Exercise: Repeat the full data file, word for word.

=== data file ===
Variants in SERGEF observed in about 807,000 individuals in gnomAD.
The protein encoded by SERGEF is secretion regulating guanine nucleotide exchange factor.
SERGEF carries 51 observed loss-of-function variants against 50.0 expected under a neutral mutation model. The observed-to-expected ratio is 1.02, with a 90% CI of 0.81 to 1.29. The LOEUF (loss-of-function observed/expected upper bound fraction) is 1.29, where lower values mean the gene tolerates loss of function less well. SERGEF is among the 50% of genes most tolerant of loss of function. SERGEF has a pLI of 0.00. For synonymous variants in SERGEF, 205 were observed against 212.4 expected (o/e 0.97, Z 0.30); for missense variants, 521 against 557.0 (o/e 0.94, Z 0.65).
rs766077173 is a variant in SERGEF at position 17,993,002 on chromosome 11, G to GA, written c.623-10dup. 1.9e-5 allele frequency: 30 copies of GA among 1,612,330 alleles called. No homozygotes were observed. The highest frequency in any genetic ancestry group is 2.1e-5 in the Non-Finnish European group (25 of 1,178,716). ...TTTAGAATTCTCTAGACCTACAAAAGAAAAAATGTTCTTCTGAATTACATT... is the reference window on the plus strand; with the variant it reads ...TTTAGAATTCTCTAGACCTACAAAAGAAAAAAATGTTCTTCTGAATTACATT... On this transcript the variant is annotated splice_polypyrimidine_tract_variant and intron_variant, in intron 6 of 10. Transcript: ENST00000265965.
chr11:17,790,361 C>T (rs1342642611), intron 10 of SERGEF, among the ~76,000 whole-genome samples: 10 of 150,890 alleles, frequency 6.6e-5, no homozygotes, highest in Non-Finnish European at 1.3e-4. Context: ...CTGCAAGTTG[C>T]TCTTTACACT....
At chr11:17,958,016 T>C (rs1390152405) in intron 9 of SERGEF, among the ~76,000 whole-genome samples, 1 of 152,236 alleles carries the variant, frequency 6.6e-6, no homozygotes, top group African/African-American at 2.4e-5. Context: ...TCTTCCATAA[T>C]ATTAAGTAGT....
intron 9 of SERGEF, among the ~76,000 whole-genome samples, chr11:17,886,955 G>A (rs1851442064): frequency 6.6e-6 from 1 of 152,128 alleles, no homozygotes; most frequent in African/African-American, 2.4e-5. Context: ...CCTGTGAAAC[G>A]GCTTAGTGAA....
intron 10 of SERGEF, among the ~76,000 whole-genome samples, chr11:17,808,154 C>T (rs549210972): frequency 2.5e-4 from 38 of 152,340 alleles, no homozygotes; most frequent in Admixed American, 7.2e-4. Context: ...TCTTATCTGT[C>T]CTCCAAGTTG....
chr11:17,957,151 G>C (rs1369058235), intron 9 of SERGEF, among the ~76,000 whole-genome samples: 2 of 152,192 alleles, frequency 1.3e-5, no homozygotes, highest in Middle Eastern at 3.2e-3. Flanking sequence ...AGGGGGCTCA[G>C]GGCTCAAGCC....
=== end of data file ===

Variants in SERGEF observed in about 807,000 individuals in gnomAD.
The protein encoded by SERGEF is secretion regulating guanine nucleotide exchange factor.
SERGEF carries 51 observed loss-of-function variants against 50.0 expected under a neutral mutation model. The observed-to-expected ratio is 1.02, with a 90% CI of 0.81 to 1.29. The LOEUF (loss-of-function observed/expected upper bound fraction) is 1.29, where lower values mean the gene tolerates loss of function less well. SERGEF is among the 50% of genes most tolerant of loss of function. SERGEF has a pLI of 0.00. For synonymous variants in SERGEF, 205 were observed against 212.4 expected (o/e 0.97, Z 0.30); for missense variants, 521 against 557.0 (o/e 0.94, Z 0.65).
rs766077173 is a variant in SERGEF at position 17,993,002 on chromosome 11, G to GA, written c.623-10dup. 1.9e-5 allele frequency: 30 copies of GA among 1,612,330 alleles called. No homozygotes were observed. The highest frequency in any genetic ancestry group is 2.1e-5 in the Non-Finnish European group (25 of 1,178,716). ...TTTAGAATTCTCTAGACCTACAAAAGAAAAAATGTTCTTCTGAATTACATT... is the reference window on the plus strand; with the variant it reads ...TTTAGAATTCTCTAGACCTACAAAAGAAAAAAATGTTCTTCTGAATTACATT... On this transcript the variant is annotated splice_polypyrimidine_tract_variant and intron_variant, in intron 6 of 10. Transcript: ENST00000265965.
chr11:17,790,361 C>T (rs1342642611), intron 10 of SERGEF, among the ~76,000 whole-genome samples: 10 of 150,890 alleles, frequency 6.6e-5, no homozygotes, highest in Non-Finnish European at 1.3e-4. Context: ...CTGCAAGTTG[C>T]TCTTTACACT....
At chr11:17,958,016 T>C (rs1390152405) in intron 9 of SERGEF, among the ~76,000 whole-genome samples, 1 of 152,236 alleles carries the variant, frequency 6.6e-6, no homozygotes, top group African/African-American at 2.4e-5. Context: ...TCTTCCATAA[T>C]ATTAAGTAGT....
intron 9 of SERGEF, among the ~76,000 whole-genome samples, chr11:17,886,955 G>A (rs1851442064): frequency 6.6e-6 from 1 of 152,128 alleles, no homozygotes; most frequent in African/African-American, 2.4e-5. Context: ...CCTGTGAAAC[G>A]GCTTAGTGAA....
intron 10 of SERGEF, among the ~76,000 whole-genome samples, chr11:17,808,154 C>T (rs549210972): frequency 2.5e-4 from 38 of 152,340 alleles, no homozygotes; most frequent in Admixed American, 7.2e-4. Context: ...TCTTATCTGT[C>T]CTCCAAGTTG....
chr11:17,957,151 G>C (rs1369058235), intron 9 of SERGEF, among the ~76,000 whole-genome samples: 2 of 152,192 alleles, frequency 1.3e-5, no homozygotes, highest in Middle Eastern at 3.2e-3. Flanking sequence ...AGGGGGCTCA[G>C]GGCTCAAGCC....